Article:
But then after an hour or so something else attracted my interest: I wasn’t hearing a single Palestinian voicethat wasn’t nothing save ridiculous. All those Arab and Palestinian representatives interviews were exactly what your random Israeli ultra-right-winger would discribe to you, they were loud and aggressive and what they said just wouldn’t make any sense while CNN’s host was clearly dominating every of the interviews. Meanwhile whenever the same host would talk to an Israeli representative she wouldn’t ask any questions that could possibly put them in serious trouble. And believe me: There’d be more then enough of that. As much as I hated to admit it to myself I had to accept that in fact CNN was not the “Good Samarian” to Israel but rather doing just what I had always considered it doing for the US: They were broadcasting plain propaganda. Pro-Israel propaganda, for what ever reason.

It gets worse then that: Imagine watching CNN’s not all too neutral broadcasting being pro-Palestinian. You needn’t be all to extremely pro-Palestinian – not like the demonstrators shouting “allahu akbar” and “Israel Terrorist” in my hometown today – to spot propaganda there. And if Israel needs propaganda it sure doesn’t look all to good to all of those already a little concerned with Israel’s alleged human rights issues.In fact this is the best any Zionist-World-Conspiracy-weirdo could possibly hope for,for yes, it does look like somebody bribed CNN into supporting Israel. I wouldn’t, in fact, be surprised if that was the case yet not for the reason of the Zionist World Conspiracy or something that way but rather for mere (domestic?) political and commercial interests perhaps affiliated with the weapon’s industry or other evenly morale institutions.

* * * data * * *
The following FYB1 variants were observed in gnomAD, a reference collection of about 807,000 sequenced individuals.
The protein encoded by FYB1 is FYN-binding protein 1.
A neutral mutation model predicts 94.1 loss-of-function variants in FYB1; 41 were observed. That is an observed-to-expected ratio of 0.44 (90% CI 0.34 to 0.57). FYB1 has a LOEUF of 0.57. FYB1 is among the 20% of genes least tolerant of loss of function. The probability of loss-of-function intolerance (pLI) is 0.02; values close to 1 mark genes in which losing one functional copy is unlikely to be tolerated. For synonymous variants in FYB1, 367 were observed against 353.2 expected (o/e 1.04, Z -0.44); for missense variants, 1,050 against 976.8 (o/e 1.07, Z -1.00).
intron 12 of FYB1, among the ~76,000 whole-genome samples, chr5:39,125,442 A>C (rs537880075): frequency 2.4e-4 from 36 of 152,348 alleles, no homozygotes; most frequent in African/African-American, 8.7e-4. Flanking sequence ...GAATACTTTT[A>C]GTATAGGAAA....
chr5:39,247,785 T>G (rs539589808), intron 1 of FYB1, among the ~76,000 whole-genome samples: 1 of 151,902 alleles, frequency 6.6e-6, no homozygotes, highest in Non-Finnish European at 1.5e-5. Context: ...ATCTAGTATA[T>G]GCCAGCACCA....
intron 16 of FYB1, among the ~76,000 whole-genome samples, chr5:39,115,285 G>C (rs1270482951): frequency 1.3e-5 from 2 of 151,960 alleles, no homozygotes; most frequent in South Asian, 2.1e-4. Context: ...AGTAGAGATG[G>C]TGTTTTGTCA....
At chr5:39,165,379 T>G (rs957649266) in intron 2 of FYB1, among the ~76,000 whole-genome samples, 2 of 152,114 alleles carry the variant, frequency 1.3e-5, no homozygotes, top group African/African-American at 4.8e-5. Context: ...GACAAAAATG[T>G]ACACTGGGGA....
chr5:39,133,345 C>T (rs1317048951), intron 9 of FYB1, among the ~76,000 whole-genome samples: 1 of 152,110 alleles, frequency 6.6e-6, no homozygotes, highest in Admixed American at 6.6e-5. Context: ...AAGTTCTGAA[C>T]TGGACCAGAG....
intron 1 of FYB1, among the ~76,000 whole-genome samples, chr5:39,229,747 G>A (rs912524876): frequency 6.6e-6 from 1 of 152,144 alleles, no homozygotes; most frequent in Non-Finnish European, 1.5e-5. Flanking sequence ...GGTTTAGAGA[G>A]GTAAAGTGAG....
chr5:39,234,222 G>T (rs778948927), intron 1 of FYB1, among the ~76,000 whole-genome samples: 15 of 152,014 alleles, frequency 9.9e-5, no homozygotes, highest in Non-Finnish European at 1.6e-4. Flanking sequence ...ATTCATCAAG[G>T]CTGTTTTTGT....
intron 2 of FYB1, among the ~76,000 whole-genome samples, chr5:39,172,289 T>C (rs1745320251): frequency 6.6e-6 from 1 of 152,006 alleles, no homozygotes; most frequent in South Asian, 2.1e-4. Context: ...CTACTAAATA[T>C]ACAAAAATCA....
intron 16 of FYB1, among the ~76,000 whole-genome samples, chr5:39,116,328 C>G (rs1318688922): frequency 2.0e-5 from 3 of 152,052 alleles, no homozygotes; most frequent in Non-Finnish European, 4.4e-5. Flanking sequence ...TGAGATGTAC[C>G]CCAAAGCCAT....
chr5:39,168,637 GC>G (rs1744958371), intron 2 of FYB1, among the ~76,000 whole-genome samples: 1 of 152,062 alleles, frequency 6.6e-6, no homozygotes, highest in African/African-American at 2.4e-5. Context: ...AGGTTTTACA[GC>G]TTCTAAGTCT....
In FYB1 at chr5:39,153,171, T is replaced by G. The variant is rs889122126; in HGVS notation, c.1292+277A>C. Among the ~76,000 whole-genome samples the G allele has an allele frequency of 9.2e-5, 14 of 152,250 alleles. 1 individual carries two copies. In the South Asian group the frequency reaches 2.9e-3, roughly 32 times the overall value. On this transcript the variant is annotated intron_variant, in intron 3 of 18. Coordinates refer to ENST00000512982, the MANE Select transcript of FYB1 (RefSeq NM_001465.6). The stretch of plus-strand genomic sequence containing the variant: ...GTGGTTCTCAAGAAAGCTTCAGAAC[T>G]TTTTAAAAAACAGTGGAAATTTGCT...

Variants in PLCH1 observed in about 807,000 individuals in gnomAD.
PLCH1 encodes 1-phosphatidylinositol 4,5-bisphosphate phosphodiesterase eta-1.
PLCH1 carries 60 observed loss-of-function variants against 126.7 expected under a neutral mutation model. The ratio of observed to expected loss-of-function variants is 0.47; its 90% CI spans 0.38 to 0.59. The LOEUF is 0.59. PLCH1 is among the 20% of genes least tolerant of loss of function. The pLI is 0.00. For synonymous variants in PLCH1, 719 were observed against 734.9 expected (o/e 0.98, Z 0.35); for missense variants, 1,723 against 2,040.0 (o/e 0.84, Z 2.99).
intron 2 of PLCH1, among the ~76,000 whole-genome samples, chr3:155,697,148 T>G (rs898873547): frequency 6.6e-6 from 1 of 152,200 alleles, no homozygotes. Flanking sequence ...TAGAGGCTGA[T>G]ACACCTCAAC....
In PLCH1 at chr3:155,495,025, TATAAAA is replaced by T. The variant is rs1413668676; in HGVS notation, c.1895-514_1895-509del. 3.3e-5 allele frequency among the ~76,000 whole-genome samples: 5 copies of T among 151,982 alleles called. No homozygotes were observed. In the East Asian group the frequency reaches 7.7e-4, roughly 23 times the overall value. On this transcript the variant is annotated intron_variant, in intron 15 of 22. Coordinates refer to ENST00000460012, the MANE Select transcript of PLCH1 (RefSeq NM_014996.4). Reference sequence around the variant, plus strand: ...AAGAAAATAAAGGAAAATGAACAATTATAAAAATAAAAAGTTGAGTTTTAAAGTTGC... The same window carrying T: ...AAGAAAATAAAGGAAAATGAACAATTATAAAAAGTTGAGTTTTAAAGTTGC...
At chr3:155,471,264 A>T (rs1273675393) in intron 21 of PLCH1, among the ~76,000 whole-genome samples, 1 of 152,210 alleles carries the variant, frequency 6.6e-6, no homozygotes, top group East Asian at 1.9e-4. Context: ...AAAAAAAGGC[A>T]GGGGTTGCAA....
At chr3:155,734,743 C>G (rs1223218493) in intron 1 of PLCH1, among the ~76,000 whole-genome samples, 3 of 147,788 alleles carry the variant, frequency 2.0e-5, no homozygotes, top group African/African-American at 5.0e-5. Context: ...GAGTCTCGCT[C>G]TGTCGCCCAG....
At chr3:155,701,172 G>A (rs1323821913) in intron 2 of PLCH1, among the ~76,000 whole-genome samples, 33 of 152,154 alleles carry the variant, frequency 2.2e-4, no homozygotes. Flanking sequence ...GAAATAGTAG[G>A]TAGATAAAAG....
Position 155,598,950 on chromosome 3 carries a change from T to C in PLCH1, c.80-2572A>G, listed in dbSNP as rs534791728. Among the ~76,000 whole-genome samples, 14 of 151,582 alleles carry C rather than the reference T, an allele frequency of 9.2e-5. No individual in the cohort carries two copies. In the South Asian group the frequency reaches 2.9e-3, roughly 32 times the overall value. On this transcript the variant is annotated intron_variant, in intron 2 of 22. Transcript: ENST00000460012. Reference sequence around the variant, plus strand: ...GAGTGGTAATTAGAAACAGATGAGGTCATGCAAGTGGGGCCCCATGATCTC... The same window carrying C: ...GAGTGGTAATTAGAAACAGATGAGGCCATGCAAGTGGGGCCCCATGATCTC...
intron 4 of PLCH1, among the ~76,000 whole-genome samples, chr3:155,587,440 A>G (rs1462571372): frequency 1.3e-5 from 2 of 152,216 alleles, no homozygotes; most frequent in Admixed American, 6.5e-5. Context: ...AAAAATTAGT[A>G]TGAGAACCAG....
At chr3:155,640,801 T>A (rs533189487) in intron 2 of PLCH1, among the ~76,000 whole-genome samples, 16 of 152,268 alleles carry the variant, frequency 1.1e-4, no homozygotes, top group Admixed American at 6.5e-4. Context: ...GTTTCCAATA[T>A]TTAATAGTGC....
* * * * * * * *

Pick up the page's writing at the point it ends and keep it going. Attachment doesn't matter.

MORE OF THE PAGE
So to me CNN is finally back to where it was a couple of hours ago: A nice source for those most important breaking news broken down to a single line of text and a couple of nice pictures but more then that mostly usable as comedy. Sometimes what seems to be a friend at the first glimpse turns out to be your worst enemyin the end. And vice versa.

I am sending by best wishes to the Southern Negev’s and Gaza’s residents along with the Israeli soldiers currently moving into Gaza and their families and hope from the depth of my heard that the battle will be over soon with the best possible outcomefor everybody involved. Well, everybody save Hamas, that’s a given.





  1. I agree with your take on CNN.Our govt. tax-supported propaganda machine controls most television news coverage, which is why I turn to the net..and the U.S. government owns a good chunk of that as well.

  2. you’re talking about Hamsas / Khamsas, aren’t you? ^_^

    And yes, you do. Actually orthodox Christians use them too calling them the “Hand of Mary”; it’s really multi-religious. Anyhow some people to consider the symbol might derive from a proto-monotheistic symbol which’d go along with archaeological finds in the area.

  3. Yes that. In arabic they say “Khamsah” means five. I didnt know about christians.
    But it has five fingers to the five books of the Torah for Jews. “Hand of God” or Hand of Miriam, in reference to Miriam, the sister of Moses and Aaron (again jewish religion).